Iran Captured U.S. Sailors at Gunpoint, Defense Department Finds

  • Central Command releases timeline of events in Persian Gulf
  • Iranians used machine guns for `armed over-watch' of boats

An Iranian national flag flies from a flagpole in a residential district of Tehran on Aug. 24, 2015.

Photographer: Simon Dawson/Bloomberg

Ten U.S. sailors detained by Iran last week were taken at gunpoint after straying into Iranian waters, the Defense Department said in the first formal account of the confrontation in the Persian Gulf.

“Armed Iranian military personnel” boarded the U.S. boats while others “conducted armed over-watch of the boats with mounted machine guns,” U.S. Central Command said in the preliminary report issued Monday.

It describes an incident on Jan. 12 that began as a tense confrontation but ended quietly, with no indications the sailors were physically harmed.

Sailors on two Riverine Command Boats traveling from Kuwait to Bahrain “deviated from their planned course” down the middle of the Persian Gulf, according to the report, which said the reason remains under investigation. The boats stopped for troubleshooting after indications that the diesel engine on one of the vessels had a mechanical problem. “The stop occurred in Iranian territorial waters, although it’s not clear the crew was aware of their exact location.”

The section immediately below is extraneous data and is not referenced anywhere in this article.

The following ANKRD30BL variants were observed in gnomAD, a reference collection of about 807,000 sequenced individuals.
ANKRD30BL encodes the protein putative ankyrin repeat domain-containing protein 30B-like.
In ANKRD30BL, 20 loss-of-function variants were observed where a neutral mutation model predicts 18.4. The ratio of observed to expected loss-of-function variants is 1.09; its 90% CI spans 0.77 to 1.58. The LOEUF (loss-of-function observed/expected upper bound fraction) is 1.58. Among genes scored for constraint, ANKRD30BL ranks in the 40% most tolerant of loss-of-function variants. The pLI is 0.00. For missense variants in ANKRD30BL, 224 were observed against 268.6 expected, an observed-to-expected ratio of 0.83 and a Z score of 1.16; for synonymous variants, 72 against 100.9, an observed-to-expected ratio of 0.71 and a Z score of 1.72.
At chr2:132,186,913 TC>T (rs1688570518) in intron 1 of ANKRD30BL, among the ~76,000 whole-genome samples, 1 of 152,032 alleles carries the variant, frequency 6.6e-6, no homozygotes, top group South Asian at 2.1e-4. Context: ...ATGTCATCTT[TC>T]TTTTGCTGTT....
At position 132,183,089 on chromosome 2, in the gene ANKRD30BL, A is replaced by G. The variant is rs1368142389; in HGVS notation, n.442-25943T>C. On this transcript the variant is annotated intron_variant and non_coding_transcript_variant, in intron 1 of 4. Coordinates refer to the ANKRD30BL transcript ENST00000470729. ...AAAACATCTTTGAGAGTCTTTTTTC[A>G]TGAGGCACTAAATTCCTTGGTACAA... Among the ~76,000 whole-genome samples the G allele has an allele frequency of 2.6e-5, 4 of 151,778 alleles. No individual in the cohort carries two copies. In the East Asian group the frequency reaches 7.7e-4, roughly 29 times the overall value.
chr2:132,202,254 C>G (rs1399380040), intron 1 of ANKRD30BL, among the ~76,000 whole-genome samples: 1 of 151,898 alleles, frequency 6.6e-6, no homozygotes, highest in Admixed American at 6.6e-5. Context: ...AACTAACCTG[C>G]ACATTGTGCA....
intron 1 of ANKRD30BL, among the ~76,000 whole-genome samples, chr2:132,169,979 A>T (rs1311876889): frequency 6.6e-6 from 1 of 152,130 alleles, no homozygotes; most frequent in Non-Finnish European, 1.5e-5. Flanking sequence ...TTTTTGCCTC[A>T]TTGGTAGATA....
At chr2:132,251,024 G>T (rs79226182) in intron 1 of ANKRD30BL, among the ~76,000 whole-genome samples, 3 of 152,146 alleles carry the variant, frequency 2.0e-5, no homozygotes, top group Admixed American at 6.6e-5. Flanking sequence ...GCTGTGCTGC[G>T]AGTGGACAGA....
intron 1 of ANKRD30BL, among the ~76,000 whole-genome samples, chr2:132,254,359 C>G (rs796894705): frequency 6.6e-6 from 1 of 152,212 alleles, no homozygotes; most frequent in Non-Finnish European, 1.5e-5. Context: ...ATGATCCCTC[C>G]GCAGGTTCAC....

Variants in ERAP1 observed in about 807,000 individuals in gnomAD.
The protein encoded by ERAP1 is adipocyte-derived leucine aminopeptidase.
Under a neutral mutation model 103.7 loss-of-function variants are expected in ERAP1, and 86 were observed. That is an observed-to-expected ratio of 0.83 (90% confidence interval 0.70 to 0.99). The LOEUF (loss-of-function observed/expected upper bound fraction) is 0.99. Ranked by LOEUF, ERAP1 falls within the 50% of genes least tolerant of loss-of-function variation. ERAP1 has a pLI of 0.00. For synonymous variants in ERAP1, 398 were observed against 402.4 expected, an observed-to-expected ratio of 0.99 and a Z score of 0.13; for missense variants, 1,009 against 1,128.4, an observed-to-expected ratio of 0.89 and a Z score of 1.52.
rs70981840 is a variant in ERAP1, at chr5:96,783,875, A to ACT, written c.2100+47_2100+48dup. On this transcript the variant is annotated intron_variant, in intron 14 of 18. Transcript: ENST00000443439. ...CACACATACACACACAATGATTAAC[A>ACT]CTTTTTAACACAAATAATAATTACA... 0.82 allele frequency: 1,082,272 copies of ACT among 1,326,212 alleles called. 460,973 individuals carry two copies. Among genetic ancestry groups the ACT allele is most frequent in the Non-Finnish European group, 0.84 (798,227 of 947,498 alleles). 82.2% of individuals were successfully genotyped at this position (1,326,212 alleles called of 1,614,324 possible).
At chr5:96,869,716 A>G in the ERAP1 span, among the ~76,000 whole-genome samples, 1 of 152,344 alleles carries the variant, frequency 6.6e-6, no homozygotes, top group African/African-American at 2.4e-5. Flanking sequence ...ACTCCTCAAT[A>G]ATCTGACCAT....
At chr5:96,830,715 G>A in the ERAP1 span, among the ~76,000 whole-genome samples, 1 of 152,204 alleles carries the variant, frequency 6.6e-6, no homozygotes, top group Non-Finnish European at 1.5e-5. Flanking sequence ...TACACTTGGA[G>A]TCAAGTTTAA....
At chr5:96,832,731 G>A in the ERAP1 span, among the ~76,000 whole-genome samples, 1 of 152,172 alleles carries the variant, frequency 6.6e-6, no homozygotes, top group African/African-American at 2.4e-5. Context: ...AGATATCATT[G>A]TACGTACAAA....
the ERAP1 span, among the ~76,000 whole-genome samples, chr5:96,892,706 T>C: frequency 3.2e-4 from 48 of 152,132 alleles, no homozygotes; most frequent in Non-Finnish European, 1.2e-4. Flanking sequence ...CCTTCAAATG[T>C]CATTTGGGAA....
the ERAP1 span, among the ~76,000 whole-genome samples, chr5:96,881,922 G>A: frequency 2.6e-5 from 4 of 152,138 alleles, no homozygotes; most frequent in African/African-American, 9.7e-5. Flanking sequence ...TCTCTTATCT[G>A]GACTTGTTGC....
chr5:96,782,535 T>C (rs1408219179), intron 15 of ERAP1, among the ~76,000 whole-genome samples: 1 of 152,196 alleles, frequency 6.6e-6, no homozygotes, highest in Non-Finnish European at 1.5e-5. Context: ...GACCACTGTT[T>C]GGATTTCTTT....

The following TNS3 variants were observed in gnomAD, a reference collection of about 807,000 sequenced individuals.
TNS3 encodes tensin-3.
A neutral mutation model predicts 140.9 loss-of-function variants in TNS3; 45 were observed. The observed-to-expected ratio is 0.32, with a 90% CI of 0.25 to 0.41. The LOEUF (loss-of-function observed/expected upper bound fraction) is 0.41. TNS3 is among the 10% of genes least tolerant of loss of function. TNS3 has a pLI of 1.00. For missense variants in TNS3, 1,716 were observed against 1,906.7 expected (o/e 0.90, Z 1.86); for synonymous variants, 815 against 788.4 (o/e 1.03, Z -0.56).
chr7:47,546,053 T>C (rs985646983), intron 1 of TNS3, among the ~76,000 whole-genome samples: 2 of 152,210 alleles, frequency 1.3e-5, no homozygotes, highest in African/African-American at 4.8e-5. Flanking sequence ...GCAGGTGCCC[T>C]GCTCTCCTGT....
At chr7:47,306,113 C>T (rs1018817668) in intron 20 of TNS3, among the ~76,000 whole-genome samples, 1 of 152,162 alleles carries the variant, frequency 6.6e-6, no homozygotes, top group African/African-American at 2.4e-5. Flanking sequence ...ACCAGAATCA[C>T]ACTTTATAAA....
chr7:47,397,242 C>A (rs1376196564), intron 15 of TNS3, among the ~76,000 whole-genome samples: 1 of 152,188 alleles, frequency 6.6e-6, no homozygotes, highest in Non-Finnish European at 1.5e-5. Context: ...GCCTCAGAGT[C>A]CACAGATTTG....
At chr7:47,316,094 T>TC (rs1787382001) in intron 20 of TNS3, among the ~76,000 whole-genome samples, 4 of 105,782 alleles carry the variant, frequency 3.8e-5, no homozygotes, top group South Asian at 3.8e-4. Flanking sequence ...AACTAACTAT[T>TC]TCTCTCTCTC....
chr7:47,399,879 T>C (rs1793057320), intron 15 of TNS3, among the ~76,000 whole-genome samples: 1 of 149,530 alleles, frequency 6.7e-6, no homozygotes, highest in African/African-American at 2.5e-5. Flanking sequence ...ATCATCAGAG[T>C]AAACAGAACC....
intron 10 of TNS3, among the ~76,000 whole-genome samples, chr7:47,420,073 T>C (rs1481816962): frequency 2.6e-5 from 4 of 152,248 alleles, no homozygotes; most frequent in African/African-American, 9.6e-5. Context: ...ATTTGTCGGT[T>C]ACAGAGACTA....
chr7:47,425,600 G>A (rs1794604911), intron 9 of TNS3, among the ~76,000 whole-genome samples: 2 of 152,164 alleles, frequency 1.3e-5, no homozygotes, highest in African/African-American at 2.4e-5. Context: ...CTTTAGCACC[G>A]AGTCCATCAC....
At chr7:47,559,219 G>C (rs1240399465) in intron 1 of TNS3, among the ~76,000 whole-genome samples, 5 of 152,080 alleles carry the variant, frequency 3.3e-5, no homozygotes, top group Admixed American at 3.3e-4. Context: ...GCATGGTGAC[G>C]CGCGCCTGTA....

Iranian vessels approached, and initial reports indicate “there was a verbal exchange between the sailors and the Iranians but no exchange of gunfire.”

Republican Criticism

The incident, which happened hours before President Barack Obama delivered his annual State of the Union address, threatened to deepen rifts between the U.S. and Iran even as the two nations prepared to implement a landmark agreement to curtail the Islamic Republic’s nuclear program.

Republican presidential candidates and members of Congress quickly criticized Obama for the capture, calling it another indication of what they consider a feckless strategy toward Iran and Mideast militants. The administration said the rapid release of the sailors, who were held overnight, showed the benefits of improved diplomatic relations with Iran.

"At this point there are no indications that the sailors were physically harmed during their detainment," the Pentagon said. "The Navy command investigation will focus on the sailors’ treatment while in Iranian custody, including any interrogation by Iranian personnel."

Videos released by Iran showed the sailors forced to get on their knees with their hands behind their heads when they were captured and one of the Americans apologizing for the incident. Later in the video, the Americans are shown eating an Iranian meal.

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